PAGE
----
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  • Writer's pictureAlex Keeley

Cyber Risk III: How to Responsibly Handle Your Cyber Risk

Updated: Dec 21, 2021

Now that we are aware that cyber risk deals not in the “if,” but rather in the “when” and “how bad” realms, this installment of the Cyber Risk blog examines how to handle your cyber risk responsibly, mitigate the damage it can cause, and limit your exposure from breaches.


Cyber Risk Mitigation – Mitigation begins with the right resources. One of the most important ways to go about diminishing your cyber risk is by implementing a cyber security plan for your business. Most experts recommend that businesses have a strategic approach to cyber security. For a sample planner, the Federal Communications Commission created the Small Business Cyber Planner to help businesses evaluate their current cyber security posture and create a plan[1]. The planner is fully customizable, allows you to cater to the specifics of your business, and is designed for smaller businesses that lack the resources to hire dedicated staff to handle cyber threats. While there are other resources out there, this one is recommended.

A comprehensive cyber security plan focuses on three key areas:

  1. Prevention:Preventative solutions, policies, and procedures need to be put in place to reduce the risk of attacks.

  2. Resolution:In the event of a cyber security breach, plans and procedures need to be in place to determine the resources that will be used to remedy a threat.

  3. Restitution:Be prepared to address the repercussions of a security threat with your employees and customers to ensure that any loss of trust or business is minimal and short-lived[2].

Information Security Hygiene – Paying attention to the details is crucial when it comes to cyber security and limiting the prevalence of breaches. Many of these tips are common sense solutions and preventative measures that are simple to employ. Unfortunately, businesses tend to overlook many of these, in turn leaving them at heightened risk of cyber attacks. Five such elements are:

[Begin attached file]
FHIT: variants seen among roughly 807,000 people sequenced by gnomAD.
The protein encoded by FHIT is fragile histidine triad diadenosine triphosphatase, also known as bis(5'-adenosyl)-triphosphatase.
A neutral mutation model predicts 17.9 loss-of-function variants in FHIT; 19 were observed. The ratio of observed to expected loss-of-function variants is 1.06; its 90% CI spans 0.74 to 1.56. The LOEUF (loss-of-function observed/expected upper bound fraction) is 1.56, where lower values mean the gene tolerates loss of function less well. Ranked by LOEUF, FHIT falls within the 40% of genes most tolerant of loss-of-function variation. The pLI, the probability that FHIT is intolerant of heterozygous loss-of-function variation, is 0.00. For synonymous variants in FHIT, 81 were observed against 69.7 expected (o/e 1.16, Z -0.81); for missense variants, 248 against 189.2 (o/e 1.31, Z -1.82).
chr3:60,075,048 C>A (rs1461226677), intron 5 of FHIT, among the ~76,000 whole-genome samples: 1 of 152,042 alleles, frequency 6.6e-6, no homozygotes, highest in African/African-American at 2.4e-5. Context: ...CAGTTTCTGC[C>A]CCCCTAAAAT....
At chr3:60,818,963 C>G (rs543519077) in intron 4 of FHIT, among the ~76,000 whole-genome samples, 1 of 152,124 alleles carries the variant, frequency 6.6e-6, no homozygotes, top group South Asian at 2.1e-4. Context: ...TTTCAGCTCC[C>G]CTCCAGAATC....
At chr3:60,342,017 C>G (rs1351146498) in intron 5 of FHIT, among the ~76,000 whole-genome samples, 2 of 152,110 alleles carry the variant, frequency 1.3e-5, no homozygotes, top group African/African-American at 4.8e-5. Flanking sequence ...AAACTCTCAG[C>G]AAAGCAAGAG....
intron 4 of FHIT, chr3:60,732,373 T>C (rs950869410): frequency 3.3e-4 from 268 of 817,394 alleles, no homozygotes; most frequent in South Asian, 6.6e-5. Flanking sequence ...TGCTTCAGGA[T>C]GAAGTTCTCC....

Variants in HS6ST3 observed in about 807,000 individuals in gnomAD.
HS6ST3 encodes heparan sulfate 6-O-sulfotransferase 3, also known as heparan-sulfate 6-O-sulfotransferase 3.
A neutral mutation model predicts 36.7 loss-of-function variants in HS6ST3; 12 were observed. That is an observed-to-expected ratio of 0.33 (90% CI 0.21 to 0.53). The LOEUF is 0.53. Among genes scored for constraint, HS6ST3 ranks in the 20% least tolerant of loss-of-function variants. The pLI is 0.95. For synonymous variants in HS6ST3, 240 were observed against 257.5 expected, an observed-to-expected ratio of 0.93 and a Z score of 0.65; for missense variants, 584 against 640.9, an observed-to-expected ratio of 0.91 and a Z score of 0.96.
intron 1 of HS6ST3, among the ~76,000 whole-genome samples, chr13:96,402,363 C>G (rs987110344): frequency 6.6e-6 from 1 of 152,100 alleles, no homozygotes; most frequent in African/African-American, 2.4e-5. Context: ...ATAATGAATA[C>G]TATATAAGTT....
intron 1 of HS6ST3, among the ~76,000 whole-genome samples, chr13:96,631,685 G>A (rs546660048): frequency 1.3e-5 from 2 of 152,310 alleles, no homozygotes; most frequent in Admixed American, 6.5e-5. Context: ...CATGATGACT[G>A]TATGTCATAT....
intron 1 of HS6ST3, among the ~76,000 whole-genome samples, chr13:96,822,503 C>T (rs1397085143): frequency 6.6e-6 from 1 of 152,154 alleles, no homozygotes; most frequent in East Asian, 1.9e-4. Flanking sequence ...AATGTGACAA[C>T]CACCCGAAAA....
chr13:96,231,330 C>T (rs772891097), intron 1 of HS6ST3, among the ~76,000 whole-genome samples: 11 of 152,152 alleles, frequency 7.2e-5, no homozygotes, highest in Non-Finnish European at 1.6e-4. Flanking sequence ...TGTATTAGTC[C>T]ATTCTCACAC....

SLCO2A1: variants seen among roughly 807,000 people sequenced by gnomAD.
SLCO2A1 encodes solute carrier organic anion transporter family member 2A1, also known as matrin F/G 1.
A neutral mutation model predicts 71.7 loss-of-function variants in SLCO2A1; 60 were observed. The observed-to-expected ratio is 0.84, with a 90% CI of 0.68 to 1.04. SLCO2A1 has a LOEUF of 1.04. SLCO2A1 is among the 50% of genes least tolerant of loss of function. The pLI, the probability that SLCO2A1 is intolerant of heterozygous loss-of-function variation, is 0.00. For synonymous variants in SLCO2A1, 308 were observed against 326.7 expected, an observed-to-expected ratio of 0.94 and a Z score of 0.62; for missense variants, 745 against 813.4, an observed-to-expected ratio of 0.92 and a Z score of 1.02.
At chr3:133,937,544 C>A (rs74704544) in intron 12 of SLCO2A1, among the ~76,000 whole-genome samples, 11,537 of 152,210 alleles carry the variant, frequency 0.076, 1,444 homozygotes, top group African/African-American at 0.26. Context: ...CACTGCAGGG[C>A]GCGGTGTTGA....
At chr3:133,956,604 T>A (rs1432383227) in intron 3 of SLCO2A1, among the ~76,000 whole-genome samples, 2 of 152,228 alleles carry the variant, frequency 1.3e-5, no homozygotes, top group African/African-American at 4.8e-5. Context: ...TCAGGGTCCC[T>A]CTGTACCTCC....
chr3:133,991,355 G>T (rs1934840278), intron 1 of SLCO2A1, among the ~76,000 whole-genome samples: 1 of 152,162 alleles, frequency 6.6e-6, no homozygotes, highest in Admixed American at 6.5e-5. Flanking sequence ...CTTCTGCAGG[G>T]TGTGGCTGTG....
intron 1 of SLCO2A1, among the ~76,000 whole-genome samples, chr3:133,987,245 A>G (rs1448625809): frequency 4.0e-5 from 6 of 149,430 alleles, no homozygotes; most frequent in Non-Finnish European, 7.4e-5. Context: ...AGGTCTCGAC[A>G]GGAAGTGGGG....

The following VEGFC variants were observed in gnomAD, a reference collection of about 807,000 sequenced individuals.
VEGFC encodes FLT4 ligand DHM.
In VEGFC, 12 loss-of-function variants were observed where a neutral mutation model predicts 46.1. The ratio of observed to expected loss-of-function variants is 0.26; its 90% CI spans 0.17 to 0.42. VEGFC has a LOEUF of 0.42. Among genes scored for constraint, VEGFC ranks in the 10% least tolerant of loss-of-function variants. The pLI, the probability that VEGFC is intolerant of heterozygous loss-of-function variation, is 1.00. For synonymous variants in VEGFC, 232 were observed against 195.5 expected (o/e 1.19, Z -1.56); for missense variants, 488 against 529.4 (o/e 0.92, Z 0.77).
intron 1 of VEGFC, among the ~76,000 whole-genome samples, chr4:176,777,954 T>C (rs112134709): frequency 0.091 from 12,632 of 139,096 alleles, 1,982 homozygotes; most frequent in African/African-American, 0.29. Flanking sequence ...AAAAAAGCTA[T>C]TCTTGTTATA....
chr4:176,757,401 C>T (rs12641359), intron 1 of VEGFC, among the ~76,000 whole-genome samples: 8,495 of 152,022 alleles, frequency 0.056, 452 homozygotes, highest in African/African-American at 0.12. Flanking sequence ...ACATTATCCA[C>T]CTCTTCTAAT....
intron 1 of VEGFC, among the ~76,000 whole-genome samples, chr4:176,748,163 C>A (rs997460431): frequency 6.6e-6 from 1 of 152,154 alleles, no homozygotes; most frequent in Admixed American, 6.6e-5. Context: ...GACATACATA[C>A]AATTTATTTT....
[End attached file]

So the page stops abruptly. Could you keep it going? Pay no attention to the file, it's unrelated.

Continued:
1. Install Patches – Installing patches as they become available is an effective (stops 95% of all network intrusions) and easy solution. Not nearly enough companies utilize it, leaving major software (Android, Java, Apple, Adobe) at risk of attack.

  2. Manage Your Network Boundaries

  3. Manage Access and Permission Levels – Use common sense and choose non-obvious passwords for your systems.

  4. Consider Whitelists or Blacklists for External Traffic

  5. Managing Network Activity Proactively[3]. – Be on top of the game and monitor who accesses your servers and networks.

Professional/Legal Consultation – First, don’t overlook your in-house resources (Chief Technology Officers/Chief Risk Officer), if you have such resources. They are adept at handling sensitive situations such as this and are of great use in assessing and dealing with such risks. Another resource, and one of the most effective ways to manage your cyber risk, is to utilize 3rd party risk assessment professionals to assess your cyber situation and conduct in-depth analysis of the risks in your company. And, of course, every communication regarding assessment of risk should include your attorney, either in-house or outside counsel. Including your attorney in every communication allows those communications to be covered by the attorney/client privilege, and thus be non-discoverable should anything go wrong later.


Cyber Insurance – Due to the prevalence and severity of cyber attacks, it probably makes sense to take out insurance to protect your assets and company as a whole. As there are many factors to Cyber Insurance, it will be covered in the next blog post.


Conclusion – To sum it all up: preparation is the key. Be sure to have an in-house plan and work with the experts (CTO/CRO, Risk Assessment Professionals, counsel) at all times to ensure the company is prepared for a cyber breach. As echoed in the previous post about cyber risk, “the question is not ‘if’ your company will have a data security breach, it’s ‘when’ will that breach occur, and ‘how’ bad will it be.” Don’t be afraid to spend a little bit; get insured, get covered and you will be able to properly handle your company’s cyber risk. With the proper preparation and utilization of resources, you have a chance of mitigating what would otherwise be disaster.

This Blog, and the information contained herein, are intended for informational use only. Nothing in this Blog should be construed as legal advice.






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